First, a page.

• Record: found
            • Abstract: not found
            • Article: not found

            European guidelines on cardiovascular disease prevention in clinical practice: executive summary: Fourth Joint Task Force of the European Society of Cardiology and Other Societies on Cardiovascular Disease Prevention in Clinical Practice (Constituted by representatives of nine societies and by invited experts).

              Bookmark
              • Record: found
              • Abstract: found
              • Article: not found

              Randomised trial of endarterectomy for recently symptomatic carotid stenosis: final results of the MRC European Carotid Surgery Trial (ECST)

              (1998)
              Our objective was to assess the risks and benefits of carotid endarterectomy, primarily in terms of stroke prevention, in patients with recently symptomatic carotid stenosis. This multicentre, randomised controlled trial enrolled 3024 patients. We enrolled men and women of any age, with some degree of carotid stenosis, who within the previous 6 months had had at least one transient or mild symptomatic ischaemic vascular event in the distribution of one or both carotid arteries. Between 1981 and 1994, we allocated 1811 (60%) patients to surgery and 1213 (40%) to control (surgery to be avoided for as long as possible). Follow-up was until the end of 1995 (mean 6.1 years), and the main analyses were by intention to treat. The overall outcome (major stroke or death) occurred in 669 (37.0%) surgery-group patients and 442 (36.5%) control-group patients. The risk of major stroke or death complicating surgery (7.0%) did not vary substantially with severity of stenosis. On the other hand, the risk of major ischaemic stroke ipsilateral to the unoperated symptomatic carotid artery increased with severity of stenosis, particularly above about 70-80% of the original luminal diameter, but only for 2-3 years after randomisation. On average, the immediate risk of surgery was worth trading off against the long-term risk of stroke without surgery when the stenosis was greater than about 80% diameter; the Kaplan-Meier estimate of the frequency of a major stroke or death at 3 years was 26.5% for the control group and 14.9% for the surgery group, an absolute benefit from surgery of 11.6%. However, consideration of variations in risk with age and sex modified this simple rule based on stenosis severity. We present a graphical procedure that should improve the selection of patients for surgery. Carotid endarterectomy is indicated for most patients with a recent non-disabling carotid-territory ischaemic event when the symptomatic stenosis is greater than about 80%. Age and sex should also be taken into account in decisions on whether to operate.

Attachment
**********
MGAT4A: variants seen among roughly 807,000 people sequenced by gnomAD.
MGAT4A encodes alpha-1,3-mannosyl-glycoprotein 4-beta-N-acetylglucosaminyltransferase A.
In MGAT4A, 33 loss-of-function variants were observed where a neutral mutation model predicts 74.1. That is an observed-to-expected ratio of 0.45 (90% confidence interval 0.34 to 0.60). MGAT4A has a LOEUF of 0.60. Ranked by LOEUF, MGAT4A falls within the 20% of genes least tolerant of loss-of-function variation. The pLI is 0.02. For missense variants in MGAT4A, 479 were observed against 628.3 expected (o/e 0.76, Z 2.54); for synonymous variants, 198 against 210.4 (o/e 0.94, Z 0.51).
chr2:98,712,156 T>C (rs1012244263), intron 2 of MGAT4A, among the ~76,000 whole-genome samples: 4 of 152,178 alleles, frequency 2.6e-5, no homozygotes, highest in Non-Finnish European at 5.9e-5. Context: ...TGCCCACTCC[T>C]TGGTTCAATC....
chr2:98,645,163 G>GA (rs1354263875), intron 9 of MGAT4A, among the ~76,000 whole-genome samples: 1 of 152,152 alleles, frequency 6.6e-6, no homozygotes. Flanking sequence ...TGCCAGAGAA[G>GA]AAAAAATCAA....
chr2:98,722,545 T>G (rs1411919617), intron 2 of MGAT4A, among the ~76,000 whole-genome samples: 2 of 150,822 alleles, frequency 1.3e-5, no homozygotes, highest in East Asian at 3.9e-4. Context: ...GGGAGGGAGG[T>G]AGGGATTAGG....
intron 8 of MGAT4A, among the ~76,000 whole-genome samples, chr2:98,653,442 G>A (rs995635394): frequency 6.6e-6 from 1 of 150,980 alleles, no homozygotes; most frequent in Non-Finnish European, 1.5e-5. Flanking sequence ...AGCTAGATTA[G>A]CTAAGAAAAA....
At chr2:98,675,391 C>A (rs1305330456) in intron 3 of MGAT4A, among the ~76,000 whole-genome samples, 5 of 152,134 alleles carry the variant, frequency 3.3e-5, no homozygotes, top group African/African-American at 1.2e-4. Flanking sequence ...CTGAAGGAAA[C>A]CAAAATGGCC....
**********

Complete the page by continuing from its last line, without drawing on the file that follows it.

Bookmark

                Author and article information

                Journal
                28886620
                10.1093/eurheartj/ehx095

                Comments

                Comment on this article